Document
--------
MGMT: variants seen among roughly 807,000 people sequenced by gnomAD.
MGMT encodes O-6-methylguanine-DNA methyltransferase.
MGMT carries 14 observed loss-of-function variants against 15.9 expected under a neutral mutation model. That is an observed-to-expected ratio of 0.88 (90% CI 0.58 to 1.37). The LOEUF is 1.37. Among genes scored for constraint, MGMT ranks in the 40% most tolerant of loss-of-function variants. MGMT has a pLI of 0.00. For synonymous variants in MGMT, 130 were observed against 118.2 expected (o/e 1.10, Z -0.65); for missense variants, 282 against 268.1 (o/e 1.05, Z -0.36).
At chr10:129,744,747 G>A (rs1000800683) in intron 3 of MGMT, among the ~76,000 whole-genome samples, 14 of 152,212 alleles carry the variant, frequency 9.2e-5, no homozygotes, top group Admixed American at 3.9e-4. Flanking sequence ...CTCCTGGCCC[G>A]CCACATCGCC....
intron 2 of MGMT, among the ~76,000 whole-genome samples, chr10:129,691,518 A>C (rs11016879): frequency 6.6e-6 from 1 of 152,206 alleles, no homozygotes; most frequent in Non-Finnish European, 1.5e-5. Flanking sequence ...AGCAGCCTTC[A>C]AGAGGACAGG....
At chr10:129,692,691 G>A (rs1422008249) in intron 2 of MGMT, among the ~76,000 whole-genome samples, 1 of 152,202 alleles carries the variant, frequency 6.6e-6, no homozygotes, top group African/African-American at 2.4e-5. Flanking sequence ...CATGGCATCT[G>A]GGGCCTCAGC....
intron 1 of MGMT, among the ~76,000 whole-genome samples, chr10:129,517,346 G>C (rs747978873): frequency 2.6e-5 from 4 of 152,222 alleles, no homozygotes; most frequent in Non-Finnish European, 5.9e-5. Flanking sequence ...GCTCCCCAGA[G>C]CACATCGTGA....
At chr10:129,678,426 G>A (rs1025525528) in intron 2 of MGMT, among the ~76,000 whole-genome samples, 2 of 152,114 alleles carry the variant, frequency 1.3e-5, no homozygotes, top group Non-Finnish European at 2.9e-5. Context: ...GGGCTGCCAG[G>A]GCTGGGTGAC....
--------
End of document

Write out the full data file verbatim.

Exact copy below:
MGMT: variants seen among roughly 807,000 people sequenced by gnomAD.
MGMT encodes O-6-methylguanine-DNA methyltransferase.
MGMT carries 14 observed loss-of-function variants against 15.9 expected under a neutral mutation model. That is an observed-to-expected ratio of 0.88 (90% CI 0.58 to 1.37). The LOEUF is 1.37. Among genes scored for constraint, MGMT ranks in the 40% most tolerant of loss-of-function variants. MGMT has a pLI of 0.00. For synonymous variants in MGMT, 130 were observed against 118.2 expected (o/e 1.10, Z -0.65); for missense variants, 282 against 268.1 (o/e 1.05, Z -0.36).
At chr10:129,744,747 G>A (rs1000800683) in intron 3 of MGMT, among the ~76,000 whole-genome samples, 14 of 152,212 alleles carry the variant, frequency 9.2e-5, no homozygotes, top group Admixed American at 3.9e-4. Flanking sequence ...CTCCTGGCCC[G>A]CCACATCGCC....
intron 2 of MGMT, among the ~76,000 whole-genome samples, chr10:129,691,518 A>C (rs11016879): frequency 6.6e-6 from 1 of 152,206 alleles, no homozygotes; most frequent in Non-Finnish European, 1.5e-5. Flanking sequence ...AGCAGCCTTC[A>C]AGAGGACAGG....
At chr10:129,692,691 G>A (rs1422008249) in intron 2 of MGMT, among the ~76,000 whole-genome samples, 1 of 152,202 alleles carries the variant, frequency 6.6e-6, no homozygotes, top group African/African-American at 2.4e-5. Flanking sequence ...CATGGCATCT[G>A]GGGCCTCAGC....
intron 1 of MGMT, among the ~76,000 whole-genome samples, chr10:129,517,346 G>C (rs747978873): frequency 2.6e-5 from 4 of 152,222 alleles, no homozygotes; most frequent in Non-Finnish European, 5.9e-5. Flanking sequence ...GCTCCCCAGA[G>C]CACATCGTGA....
At chr10:129,678,426 G>A (rs1025525528) in intron 2 of MGMT, among the ~76,000 whole-genome samples, 2 of 152,114 alleles carry the variant, frequency 1.3e-5, no homozygotes, top group Non-Finnish European at 2.9e-5. Context: ...GGGCTGCCAG[G>A]GCTGGGTGAC....